Paolo Benvenuti: Behind the director’s curiosity with the great composer


ITALIAN JOURNAL: Puccini e la fanciulla stems from an extraordinary research work. Where does your interest in the stories hidden in the folds of History come from?

PAOLO BENVENUTI: Behind every one of my screenplays there was in-depth historical research. My previous movie, Segreti di Stato (2003), for instance, was about the killing of communist militants in 1951 Sicily. It came from a six-year research in the CIA archives in Washington, where I found out something very different from what we usually read in the official history books. Cinema allows me to show pages of history that people hardly know. I do it especially for the young people, who don’t know history at all.

I am a teacher, and doing this job I realized that young people are totally unaware of what happened in the past, and therefore they are scared of the future. That’s the reason why many people still live with their parents at 40 years old! They are rootless, they don’t know history, so they can’t build up their future, and therefore they live in an eternal present. I feel like a modern Don Quixote tilting at windmills: my goal is to get young people to history, to make them understand that history is fascinating and precious for all of us.

Film Title: Puccini e la fanciulla

IJ: Puccini e la fanciulla is substantially a “silent” movie. What’s the reason of such an audacious stylistic choice?

PB: I don’t think that’s so audacious. For the first thirty years of their history, movies were silent. The greatest masterpieces in the history of cinema belong to this silent era. As for myself, I believe that cinema is art as long as it is experimental. What I wanted to show in my movie was the tight relationship between Puccini’s music and the sounds of the Massaciuccoli Lake, where he found his inspiration. That was made possible thanks to Mirco Mencacci, the sound designer of the movie. He is an extraordinary talent: he is blind, and maybe because of that he has developed his listening skills to the fullest. If I had inserted dialogues, the sounds of the lake would just remain in the background. I rather wanted to get people to listen to the silence and retrieve the beauty of Puccini’s music in it. Besides, the absence of dialogues makes my film more accessible to an international audience.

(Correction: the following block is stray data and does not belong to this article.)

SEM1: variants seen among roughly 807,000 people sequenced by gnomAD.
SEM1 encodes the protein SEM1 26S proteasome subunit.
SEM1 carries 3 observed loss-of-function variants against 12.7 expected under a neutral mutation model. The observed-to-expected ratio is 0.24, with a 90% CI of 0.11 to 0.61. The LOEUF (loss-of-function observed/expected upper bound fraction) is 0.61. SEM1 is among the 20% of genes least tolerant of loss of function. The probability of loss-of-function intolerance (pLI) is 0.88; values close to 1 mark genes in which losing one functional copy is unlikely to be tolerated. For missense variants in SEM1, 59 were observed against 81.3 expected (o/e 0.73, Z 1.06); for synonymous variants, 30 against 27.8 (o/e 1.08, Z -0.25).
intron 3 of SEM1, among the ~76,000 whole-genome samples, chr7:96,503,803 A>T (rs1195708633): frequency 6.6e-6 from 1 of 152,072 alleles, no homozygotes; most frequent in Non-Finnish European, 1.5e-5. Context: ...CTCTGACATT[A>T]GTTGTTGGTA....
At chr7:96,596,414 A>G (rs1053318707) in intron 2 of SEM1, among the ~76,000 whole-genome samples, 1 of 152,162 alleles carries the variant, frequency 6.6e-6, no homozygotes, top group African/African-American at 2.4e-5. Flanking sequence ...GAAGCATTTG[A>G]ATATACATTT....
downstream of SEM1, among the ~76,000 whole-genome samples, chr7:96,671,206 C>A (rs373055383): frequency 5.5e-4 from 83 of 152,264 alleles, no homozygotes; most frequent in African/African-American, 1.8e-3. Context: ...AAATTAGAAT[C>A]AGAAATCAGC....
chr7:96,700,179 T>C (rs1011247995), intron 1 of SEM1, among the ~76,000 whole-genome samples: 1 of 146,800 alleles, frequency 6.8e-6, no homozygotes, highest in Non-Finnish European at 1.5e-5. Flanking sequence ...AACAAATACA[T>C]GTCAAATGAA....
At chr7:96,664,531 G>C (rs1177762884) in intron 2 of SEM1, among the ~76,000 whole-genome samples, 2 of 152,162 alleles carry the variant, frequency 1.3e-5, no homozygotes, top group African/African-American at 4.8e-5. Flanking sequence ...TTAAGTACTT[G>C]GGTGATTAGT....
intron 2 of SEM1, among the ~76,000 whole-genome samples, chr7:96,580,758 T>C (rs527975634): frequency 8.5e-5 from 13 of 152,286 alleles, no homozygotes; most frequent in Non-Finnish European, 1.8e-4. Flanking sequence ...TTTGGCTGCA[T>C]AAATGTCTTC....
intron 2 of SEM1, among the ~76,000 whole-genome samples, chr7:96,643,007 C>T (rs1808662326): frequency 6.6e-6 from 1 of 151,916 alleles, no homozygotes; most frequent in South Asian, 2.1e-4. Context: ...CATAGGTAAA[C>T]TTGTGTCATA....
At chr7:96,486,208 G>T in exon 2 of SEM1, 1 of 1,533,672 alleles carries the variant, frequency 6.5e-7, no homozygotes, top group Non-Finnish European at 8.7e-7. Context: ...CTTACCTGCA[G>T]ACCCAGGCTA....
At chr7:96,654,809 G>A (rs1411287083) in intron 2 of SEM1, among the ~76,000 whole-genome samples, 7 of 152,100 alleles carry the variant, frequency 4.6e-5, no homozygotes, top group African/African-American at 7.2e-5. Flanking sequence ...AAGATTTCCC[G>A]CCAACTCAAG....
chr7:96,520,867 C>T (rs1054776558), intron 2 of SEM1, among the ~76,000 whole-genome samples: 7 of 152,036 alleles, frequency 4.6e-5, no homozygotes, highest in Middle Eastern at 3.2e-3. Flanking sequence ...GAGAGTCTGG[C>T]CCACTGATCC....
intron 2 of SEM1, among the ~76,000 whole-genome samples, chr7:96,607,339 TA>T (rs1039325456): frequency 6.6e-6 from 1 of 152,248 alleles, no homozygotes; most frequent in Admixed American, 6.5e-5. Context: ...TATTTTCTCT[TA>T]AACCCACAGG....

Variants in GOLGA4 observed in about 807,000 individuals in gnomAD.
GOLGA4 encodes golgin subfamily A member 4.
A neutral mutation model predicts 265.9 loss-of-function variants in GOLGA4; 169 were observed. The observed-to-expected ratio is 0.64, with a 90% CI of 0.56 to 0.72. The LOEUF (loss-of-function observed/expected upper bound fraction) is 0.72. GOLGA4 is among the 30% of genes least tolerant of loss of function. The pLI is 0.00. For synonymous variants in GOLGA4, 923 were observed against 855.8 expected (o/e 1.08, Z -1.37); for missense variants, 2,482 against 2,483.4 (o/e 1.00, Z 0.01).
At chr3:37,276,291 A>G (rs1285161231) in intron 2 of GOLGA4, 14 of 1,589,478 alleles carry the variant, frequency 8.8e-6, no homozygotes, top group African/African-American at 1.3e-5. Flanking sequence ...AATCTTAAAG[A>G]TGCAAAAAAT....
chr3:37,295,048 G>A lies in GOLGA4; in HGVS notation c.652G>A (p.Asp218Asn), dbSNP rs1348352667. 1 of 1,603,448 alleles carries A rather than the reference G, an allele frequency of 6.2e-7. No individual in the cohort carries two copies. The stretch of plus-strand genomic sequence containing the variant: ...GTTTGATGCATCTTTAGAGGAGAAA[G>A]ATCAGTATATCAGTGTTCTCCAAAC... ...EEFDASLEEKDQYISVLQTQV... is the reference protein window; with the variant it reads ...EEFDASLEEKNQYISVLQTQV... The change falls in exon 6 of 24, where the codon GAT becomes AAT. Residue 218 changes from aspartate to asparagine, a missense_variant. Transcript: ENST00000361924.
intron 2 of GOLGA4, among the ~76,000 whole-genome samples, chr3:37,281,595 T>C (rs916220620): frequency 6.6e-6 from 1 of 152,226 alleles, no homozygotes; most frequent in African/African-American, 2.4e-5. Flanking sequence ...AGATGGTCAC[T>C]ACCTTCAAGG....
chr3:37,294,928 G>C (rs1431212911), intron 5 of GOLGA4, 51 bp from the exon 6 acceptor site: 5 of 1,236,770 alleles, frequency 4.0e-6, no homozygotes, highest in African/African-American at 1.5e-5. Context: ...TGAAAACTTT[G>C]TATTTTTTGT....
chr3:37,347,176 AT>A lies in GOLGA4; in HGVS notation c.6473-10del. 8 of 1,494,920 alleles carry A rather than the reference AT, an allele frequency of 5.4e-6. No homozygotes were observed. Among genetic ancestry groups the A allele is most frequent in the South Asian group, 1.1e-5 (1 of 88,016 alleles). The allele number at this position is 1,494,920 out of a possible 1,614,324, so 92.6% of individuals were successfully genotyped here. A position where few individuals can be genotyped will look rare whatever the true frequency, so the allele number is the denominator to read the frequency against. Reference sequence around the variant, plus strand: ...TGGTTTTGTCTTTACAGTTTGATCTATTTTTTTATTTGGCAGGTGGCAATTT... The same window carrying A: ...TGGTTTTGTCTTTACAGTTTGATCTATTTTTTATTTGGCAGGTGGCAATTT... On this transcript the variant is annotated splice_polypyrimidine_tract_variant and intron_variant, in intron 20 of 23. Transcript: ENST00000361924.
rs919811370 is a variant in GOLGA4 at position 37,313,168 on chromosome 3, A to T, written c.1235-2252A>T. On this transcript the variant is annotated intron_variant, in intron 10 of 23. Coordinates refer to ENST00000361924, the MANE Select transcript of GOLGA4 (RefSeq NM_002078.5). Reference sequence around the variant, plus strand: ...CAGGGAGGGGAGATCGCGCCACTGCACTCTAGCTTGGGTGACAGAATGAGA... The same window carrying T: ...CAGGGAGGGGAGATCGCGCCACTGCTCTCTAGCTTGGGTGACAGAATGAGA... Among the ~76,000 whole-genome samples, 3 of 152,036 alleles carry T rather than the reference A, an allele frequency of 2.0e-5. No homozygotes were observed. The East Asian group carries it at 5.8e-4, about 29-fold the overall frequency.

IJ: Will the movie be distributed in Italy and abroad?

PB: The movie has aroused great interest abroad and we hope to find an international distribution soon. In the United Stated, the premiere of the movie was held at the Lincoln Center of New York on the 16th of November, followed by another screening at the N.I.C.E. Festival of San Francisco on the 23rd of November. In Italy the situation is difficult. Distributors are quite short-sighted: they only look for immediate profits. So far no one has accepted to distribute the movie, but many cinema exhibitors, who are closer to the audience, have much appreciated the movie and will screen it in many Italian cities. It will be a distribution from the ground up!

IJ: What’s the significance of a movie on Puccini in the present day?

PB: Through this movie, young people will discover that Puccini’s music is extraordinarily modern and appealing. Besides, that of Puccini is the story of an Italian ambassador in the world. In this globalized world we are influenced by other cultures and tend to forget ours. I wanted the young generations to learn the story of one of our greatest talents. Moreover, while reconstructing an episode of Puccini’s life, the movie also tells the story of the typical Italian little province, with a woman killed by social prejudice. And that’s something that still happens today. Puccini’s life is the story of an Italian genius as well as the story of the complex relationship between individual and society.

Laura Giacalone is the Associate Editor of the Italian Journal.